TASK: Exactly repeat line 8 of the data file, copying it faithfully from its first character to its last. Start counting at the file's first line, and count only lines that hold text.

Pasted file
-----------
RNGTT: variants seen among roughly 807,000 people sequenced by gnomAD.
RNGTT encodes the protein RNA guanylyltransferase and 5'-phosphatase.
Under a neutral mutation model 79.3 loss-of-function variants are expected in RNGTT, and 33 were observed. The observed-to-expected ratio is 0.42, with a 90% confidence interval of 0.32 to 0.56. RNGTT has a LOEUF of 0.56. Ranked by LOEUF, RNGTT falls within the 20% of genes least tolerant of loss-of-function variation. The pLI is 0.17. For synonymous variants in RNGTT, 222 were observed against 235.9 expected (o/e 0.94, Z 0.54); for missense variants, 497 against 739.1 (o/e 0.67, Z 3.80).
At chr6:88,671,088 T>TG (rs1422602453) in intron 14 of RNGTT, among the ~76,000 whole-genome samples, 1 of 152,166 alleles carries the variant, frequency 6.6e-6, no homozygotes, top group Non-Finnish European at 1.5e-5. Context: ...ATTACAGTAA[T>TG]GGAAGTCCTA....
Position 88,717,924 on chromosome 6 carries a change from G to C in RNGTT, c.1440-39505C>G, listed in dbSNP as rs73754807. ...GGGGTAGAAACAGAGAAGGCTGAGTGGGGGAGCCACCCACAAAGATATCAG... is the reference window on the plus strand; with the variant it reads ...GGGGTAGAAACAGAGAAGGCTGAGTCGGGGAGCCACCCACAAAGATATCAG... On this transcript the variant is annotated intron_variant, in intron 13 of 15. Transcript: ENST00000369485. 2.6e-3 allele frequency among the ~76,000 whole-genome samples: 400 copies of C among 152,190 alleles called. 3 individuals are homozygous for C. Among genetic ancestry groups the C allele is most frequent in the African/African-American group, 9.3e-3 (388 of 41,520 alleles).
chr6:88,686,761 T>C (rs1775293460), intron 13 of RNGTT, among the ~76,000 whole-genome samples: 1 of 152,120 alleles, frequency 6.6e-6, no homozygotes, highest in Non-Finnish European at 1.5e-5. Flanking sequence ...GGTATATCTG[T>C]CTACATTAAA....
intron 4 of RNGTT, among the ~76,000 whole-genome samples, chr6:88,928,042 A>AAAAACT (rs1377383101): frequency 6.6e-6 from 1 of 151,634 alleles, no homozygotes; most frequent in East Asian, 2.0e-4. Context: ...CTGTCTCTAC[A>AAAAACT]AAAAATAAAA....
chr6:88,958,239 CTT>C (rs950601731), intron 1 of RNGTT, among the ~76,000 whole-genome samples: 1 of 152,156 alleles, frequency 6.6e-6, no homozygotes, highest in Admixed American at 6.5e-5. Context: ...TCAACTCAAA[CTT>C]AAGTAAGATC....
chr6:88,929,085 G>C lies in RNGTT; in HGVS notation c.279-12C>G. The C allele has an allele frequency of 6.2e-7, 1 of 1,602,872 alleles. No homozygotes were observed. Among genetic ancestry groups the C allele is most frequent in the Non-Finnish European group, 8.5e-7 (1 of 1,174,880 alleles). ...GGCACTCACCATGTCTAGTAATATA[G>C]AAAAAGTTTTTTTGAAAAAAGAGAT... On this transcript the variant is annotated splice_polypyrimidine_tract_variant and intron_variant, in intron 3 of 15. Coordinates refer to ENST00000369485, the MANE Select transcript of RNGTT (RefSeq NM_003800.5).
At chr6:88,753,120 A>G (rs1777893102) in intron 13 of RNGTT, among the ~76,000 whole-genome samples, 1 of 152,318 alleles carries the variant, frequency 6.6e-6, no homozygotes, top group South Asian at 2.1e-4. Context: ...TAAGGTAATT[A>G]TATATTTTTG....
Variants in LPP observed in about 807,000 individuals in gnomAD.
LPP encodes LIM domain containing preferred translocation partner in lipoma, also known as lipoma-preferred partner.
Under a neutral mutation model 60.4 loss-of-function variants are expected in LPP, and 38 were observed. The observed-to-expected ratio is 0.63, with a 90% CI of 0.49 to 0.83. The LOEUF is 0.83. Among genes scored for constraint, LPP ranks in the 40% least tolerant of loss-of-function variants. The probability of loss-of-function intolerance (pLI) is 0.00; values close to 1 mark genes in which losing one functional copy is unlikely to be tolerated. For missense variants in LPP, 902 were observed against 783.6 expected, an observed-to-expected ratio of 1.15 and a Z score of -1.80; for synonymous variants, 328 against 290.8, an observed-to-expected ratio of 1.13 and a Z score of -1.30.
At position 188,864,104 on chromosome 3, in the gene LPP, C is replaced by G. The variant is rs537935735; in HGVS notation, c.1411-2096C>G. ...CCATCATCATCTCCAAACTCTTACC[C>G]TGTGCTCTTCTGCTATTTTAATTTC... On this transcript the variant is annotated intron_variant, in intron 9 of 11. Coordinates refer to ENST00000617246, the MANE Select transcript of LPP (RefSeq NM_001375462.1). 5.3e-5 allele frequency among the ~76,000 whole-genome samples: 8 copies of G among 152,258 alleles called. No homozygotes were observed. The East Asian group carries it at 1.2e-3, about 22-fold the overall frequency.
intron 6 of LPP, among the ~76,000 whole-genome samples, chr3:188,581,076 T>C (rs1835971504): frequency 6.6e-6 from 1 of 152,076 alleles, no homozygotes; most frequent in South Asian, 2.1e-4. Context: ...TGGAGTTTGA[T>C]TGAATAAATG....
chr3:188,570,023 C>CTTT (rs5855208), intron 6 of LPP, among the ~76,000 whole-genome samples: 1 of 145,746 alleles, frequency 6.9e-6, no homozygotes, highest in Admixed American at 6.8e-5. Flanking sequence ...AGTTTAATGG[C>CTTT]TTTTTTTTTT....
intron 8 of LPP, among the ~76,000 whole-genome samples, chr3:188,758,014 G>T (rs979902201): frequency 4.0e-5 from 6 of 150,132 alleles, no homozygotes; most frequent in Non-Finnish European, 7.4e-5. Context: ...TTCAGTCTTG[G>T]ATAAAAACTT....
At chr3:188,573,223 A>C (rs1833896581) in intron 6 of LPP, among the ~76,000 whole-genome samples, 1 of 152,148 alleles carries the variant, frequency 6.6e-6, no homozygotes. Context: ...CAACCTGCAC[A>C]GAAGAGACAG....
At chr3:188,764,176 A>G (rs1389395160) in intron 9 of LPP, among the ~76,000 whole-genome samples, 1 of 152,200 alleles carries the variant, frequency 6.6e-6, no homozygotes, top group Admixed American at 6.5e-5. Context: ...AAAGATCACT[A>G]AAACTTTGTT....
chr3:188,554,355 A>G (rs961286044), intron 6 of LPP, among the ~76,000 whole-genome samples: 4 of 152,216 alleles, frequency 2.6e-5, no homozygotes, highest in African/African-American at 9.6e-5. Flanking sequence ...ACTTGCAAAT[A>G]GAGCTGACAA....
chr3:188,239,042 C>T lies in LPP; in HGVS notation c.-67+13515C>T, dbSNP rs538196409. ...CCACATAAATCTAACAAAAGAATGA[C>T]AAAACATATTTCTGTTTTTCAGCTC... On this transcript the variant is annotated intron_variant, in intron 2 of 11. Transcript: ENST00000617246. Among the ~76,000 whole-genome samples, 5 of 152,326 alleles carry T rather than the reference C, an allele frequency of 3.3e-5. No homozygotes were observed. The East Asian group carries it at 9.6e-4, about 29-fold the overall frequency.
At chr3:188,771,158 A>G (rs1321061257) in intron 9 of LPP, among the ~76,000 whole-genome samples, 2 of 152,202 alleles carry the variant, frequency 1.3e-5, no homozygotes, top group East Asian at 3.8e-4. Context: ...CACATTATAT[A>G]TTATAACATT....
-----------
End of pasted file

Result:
chr6:88,958,239 CTT>C (rs950601731), intron 1 of RNGTT, among the ~76,000 whole-genome samples: 1 of 152,156 alleles, frequency 6.6e-6, no homozygotes, highest in Admixed American at 6.5e-5. Context: ...TCAACTCAAA[CTT>C]AAGTAAGATC....